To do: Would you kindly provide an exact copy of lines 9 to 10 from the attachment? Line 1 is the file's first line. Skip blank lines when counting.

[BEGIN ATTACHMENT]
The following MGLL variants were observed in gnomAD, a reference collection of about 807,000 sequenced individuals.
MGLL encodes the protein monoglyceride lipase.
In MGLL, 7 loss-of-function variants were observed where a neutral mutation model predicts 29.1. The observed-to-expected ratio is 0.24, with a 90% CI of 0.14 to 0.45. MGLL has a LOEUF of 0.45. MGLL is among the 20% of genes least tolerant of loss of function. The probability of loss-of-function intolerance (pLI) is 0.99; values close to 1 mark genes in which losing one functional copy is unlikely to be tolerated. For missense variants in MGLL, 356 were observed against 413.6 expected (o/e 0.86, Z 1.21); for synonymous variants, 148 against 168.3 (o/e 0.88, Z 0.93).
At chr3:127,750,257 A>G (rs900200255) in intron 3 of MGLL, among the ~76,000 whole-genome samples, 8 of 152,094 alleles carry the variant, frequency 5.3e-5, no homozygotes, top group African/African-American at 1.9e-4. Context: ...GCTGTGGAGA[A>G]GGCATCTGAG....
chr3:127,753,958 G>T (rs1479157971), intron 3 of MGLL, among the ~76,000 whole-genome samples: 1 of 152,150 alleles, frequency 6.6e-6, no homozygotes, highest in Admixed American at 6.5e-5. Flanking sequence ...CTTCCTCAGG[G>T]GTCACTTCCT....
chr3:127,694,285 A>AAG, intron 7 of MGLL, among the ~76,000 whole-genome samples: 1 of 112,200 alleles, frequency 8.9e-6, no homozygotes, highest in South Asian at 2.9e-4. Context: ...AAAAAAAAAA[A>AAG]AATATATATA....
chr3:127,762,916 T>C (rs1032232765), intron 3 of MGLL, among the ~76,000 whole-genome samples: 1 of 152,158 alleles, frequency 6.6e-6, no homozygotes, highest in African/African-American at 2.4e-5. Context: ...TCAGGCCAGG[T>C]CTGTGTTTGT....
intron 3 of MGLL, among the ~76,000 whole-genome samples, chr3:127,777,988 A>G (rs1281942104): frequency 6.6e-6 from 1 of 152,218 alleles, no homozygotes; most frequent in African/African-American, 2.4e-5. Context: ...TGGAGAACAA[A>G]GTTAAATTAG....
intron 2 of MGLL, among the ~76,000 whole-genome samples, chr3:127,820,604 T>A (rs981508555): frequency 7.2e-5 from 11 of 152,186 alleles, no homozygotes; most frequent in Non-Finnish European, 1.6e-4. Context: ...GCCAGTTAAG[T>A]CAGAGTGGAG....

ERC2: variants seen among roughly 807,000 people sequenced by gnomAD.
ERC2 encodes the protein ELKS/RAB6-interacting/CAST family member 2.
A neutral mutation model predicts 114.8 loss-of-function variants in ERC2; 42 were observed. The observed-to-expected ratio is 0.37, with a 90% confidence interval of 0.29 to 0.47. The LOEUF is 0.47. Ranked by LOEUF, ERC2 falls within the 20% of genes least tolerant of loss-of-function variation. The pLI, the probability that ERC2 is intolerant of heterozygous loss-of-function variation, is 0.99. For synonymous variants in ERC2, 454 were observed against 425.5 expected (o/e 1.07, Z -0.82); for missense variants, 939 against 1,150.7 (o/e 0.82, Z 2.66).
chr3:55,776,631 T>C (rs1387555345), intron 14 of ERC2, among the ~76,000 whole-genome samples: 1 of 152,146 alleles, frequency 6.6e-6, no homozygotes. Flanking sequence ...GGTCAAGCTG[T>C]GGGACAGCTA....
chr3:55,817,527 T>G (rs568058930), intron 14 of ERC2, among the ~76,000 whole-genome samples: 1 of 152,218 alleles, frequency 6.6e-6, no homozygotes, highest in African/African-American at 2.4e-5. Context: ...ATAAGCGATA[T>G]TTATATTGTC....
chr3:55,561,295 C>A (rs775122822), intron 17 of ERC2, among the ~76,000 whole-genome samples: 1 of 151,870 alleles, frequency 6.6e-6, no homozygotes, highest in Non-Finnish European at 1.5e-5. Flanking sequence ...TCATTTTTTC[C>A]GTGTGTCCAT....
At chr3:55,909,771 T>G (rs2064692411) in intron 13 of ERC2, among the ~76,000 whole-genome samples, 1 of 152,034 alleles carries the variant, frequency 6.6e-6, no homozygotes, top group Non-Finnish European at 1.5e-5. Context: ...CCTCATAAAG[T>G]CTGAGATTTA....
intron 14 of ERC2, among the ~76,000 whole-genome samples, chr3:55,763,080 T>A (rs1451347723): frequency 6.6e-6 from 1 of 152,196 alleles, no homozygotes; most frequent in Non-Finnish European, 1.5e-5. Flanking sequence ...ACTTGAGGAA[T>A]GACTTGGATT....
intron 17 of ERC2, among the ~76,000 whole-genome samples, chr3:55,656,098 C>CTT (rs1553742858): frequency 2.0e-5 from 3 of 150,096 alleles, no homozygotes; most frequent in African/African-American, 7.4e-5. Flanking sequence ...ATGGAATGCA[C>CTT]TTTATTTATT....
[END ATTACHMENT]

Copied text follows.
intron 2 of MGLL, among the ~76,000 whole-genome samples, chr3:127,820,604 T>A (rs981508555): frequency 7.2e-5 from 11 of 152,186 alleles, no homozygotes; most frequent in Non-Finnish European, 1.6e-4. Context: ...GCCAGTTAAG[T>A]CAGAGTGGAG....

ERC2: variants seen among roughly 807,000 people sequenced by gnomAD.